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Is Your Lifestyle Too Sedentary?

Updated: May 17


If you find yourself planted behind a desk or stuck in the car for much of your day, you’re not alone. Thanks to the convenience of technology, our modern lifestyles and the pandemic, people are more inactive than ever.


In fact, a sedentary lifestyle (also known as the “sitting disease”) has been said to be worse than smoking cigarettes. Some say “sitting is more dangerous than smoking, kills more people than HIV, and is more treacherous than parachuting.” Simply put: Our bodies were not made to be stationary for long periods. Historically, if a person was sitting or lying down for hours when not asleep, they would have starved or gotten eaten by something. One of the very best gifts you can give yourself is physical activity.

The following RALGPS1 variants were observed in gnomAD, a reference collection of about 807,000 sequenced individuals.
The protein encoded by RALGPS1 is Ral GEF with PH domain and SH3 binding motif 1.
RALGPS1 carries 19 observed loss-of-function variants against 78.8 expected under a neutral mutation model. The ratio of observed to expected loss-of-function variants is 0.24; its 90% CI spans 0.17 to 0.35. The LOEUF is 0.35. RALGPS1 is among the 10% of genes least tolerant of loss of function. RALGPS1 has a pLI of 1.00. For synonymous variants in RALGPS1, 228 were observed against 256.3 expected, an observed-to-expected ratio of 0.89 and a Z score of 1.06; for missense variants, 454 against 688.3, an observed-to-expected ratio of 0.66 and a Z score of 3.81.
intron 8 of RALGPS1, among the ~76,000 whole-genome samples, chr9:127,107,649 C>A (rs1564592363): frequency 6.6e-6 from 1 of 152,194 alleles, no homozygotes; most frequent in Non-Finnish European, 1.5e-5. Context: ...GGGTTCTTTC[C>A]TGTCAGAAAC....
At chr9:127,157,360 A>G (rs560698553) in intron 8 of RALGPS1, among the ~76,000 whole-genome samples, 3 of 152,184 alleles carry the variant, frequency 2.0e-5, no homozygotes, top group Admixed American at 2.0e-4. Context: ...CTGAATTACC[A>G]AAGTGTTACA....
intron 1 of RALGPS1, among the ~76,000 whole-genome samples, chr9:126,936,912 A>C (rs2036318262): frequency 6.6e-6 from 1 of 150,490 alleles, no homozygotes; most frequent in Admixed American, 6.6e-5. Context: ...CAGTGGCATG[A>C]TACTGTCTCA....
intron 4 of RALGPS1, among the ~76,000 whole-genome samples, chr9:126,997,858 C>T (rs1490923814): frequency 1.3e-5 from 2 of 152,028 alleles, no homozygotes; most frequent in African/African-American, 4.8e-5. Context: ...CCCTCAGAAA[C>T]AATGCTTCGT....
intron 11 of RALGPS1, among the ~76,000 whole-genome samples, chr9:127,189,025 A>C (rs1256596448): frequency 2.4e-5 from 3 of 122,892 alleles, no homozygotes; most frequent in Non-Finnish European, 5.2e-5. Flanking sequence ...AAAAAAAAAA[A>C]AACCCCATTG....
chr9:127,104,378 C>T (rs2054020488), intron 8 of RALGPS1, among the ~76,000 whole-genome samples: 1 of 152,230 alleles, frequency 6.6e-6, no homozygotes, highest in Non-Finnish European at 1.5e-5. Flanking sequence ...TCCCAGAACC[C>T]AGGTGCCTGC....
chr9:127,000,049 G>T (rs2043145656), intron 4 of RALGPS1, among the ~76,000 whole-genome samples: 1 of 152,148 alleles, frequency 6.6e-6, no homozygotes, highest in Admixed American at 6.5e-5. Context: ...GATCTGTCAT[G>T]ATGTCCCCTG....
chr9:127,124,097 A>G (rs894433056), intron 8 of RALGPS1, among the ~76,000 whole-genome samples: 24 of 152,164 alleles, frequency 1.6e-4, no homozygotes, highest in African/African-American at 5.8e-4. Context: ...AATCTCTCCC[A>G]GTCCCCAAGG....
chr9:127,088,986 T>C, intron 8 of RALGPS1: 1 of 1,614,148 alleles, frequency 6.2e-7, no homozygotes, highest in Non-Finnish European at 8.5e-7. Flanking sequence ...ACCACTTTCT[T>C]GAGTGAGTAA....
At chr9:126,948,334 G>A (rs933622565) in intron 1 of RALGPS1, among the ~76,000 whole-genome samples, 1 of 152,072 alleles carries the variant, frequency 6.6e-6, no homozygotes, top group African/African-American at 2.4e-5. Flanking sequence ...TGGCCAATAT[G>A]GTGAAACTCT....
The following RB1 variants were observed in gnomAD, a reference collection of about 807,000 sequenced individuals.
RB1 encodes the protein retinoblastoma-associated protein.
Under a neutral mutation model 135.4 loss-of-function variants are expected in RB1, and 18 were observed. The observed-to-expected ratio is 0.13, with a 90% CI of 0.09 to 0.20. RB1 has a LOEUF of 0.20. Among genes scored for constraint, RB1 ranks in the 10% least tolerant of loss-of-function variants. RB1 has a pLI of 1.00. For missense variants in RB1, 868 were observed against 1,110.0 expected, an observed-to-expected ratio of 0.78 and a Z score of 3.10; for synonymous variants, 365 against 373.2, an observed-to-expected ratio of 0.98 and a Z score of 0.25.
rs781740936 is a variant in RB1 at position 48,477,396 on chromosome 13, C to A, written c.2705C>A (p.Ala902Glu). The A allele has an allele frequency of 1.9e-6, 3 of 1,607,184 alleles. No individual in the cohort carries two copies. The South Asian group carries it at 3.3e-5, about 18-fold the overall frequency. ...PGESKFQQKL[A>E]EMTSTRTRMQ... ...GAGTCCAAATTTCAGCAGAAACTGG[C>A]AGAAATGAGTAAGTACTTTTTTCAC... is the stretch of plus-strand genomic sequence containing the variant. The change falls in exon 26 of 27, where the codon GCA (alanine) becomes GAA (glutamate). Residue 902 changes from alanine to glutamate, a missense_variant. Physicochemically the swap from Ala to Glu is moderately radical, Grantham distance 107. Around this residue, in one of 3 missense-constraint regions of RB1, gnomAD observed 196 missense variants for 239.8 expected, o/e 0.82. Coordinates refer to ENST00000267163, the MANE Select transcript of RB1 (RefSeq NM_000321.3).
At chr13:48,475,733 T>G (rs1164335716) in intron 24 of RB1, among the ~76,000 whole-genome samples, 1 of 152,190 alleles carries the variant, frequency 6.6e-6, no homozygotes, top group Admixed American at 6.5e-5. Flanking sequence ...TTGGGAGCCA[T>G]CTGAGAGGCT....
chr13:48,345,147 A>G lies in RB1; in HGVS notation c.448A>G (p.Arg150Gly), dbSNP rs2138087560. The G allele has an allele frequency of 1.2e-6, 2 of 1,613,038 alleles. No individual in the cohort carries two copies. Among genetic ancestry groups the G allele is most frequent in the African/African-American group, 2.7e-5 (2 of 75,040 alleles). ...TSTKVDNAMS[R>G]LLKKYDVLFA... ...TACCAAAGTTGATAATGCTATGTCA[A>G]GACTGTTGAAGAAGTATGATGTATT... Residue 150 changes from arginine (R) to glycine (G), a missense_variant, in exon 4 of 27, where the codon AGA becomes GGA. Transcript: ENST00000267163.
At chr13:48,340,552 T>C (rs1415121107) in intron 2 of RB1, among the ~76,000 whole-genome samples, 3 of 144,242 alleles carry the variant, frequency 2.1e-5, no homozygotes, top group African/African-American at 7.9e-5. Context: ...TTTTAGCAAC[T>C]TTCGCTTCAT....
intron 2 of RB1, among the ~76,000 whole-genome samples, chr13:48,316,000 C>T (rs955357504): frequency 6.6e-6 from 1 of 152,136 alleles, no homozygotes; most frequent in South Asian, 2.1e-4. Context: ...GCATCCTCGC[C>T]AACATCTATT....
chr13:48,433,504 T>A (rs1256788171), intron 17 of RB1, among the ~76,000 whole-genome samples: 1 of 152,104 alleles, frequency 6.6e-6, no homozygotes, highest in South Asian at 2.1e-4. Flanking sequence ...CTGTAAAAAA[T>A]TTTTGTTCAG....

Types of Exercise

All types of exercises offer health benefits. Performing different types of exercises can expand the range of benefits even further. But it is important to remember that some exercise is better than none, and that most everyone can participate in some form of exercise safely.


Aerobic/Cardiovascular physical activity. These are activities that are intense enough and performed long enough to maintain or improve one’s heart and lung fitness.

Examples: walking, jogging, dancing, bicycling, basketball, soccer, swimming


Muscle-strengthening activity. This may be referred to as resistance training. These activities maintain or increase muscle strength, endurance, and power.

Examples: weight machines, free weights, resistance elastic bands, Pilates, daily activities of living (lifting children, carrying groceries or laundry, climbing stairs)


Flexibility training. This may be referred to as stretching. It lengthens or flexes a skeletal muscle to the point of tension, and holds for several seconds to increase elasticity and range of motion around a joint. Improving flexibility can enhance the overall physical performance of other types of exercise.

Examples: dynamic stretches performed with movement (yoga, tai chi), static stretches without movement